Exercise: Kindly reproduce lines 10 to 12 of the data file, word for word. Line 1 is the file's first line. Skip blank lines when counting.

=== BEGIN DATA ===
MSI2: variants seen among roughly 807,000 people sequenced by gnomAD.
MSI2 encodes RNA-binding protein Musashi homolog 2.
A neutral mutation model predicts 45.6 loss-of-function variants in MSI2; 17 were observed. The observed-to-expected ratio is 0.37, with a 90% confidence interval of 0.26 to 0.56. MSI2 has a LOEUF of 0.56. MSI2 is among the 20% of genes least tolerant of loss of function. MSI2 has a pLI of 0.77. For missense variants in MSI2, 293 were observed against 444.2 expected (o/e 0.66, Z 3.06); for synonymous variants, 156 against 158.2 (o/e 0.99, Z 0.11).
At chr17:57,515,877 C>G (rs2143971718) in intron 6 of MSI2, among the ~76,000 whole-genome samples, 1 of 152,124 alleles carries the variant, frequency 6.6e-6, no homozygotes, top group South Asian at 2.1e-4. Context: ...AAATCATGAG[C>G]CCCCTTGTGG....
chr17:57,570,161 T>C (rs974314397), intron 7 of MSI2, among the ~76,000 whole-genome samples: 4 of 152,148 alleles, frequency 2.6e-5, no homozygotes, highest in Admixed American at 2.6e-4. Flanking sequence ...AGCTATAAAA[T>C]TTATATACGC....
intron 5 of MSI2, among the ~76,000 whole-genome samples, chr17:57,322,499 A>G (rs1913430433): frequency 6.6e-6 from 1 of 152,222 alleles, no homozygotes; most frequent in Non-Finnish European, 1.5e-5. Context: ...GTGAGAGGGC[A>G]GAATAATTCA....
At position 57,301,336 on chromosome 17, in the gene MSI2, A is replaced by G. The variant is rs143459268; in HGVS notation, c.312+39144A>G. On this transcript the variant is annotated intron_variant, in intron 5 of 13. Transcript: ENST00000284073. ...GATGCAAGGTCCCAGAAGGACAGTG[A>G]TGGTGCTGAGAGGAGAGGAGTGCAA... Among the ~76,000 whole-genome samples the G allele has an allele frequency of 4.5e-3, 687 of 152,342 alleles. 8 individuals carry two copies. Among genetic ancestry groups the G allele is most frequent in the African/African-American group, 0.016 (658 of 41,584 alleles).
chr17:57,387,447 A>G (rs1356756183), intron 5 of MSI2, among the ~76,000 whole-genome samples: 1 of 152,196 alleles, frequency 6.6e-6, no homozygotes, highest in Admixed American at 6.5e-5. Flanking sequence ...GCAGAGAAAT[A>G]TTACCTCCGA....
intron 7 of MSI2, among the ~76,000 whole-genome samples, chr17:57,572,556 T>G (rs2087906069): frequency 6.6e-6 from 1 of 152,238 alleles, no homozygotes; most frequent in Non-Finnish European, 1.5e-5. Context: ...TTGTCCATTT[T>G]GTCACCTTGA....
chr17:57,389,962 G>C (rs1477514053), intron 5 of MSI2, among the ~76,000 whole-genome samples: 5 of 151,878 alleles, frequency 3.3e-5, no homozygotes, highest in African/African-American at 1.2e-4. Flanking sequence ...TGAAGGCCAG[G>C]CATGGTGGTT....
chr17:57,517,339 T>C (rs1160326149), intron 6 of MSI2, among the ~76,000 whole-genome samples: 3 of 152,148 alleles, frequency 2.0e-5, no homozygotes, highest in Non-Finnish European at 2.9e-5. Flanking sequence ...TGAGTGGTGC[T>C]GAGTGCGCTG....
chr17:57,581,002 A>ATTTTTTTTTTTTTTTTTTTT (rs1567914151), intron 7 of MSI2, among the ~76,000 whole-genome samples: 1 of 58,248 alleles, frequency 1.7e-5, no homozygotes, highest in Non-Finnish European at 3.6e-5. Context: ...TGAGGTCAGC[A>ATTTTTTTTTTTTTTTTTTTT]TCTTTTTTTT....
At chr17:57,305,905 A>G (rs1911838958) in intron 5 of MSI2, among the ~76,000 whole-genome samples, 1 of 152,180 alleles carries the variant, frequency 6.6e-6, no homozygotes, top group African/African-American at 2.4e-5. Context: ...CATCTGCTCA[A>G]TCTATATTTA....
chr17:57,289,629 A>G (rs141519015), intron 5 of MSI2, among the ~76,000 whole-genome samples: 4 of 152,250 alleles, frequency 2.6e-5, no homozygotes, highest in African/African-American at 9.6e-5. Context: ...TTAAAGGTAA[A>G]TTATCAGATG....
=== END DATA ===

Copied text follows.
chr17:57,389,962 G>C (rs1477514053), intron 5 of MSI2, among the ~76,000 whole-genome samples: 5 of 151,878 alleles, frequency 3.3e-5, no homozygotes, highest in African/African-American at 1.2e-4. Flanking sequence ...TGAAGGCCAG[G>C]CATGGTGGTT....
chr17:57,517,339 T>C (rs1160326149), intron 6 of MSI2, among the ~76,000 whole-genome samples: 3 of 152,148 alleles, frequency 2.0e-5, no homozygotes, highest in Non-Finnish European at 2.9e-5. Flanking sequence ...TGAGTGGTGC[T>C]GAGTGCGCTG....
chr17:57,581,002 A>ATTTTTTTTTTTTTTTTTTTT (rs1567914151), intron 7 of MSI2, among the ~76,000 whole-genome samples: 1 of 58,248 alleles, frequency 1.7e-5, no homozygotes, highest in Non-Finnish European at 3.6e-5. Context: ...TGAGGTCAGC[A>ATTTTTTTTTTTTTTTTTTTT]TCTTTTTTTT....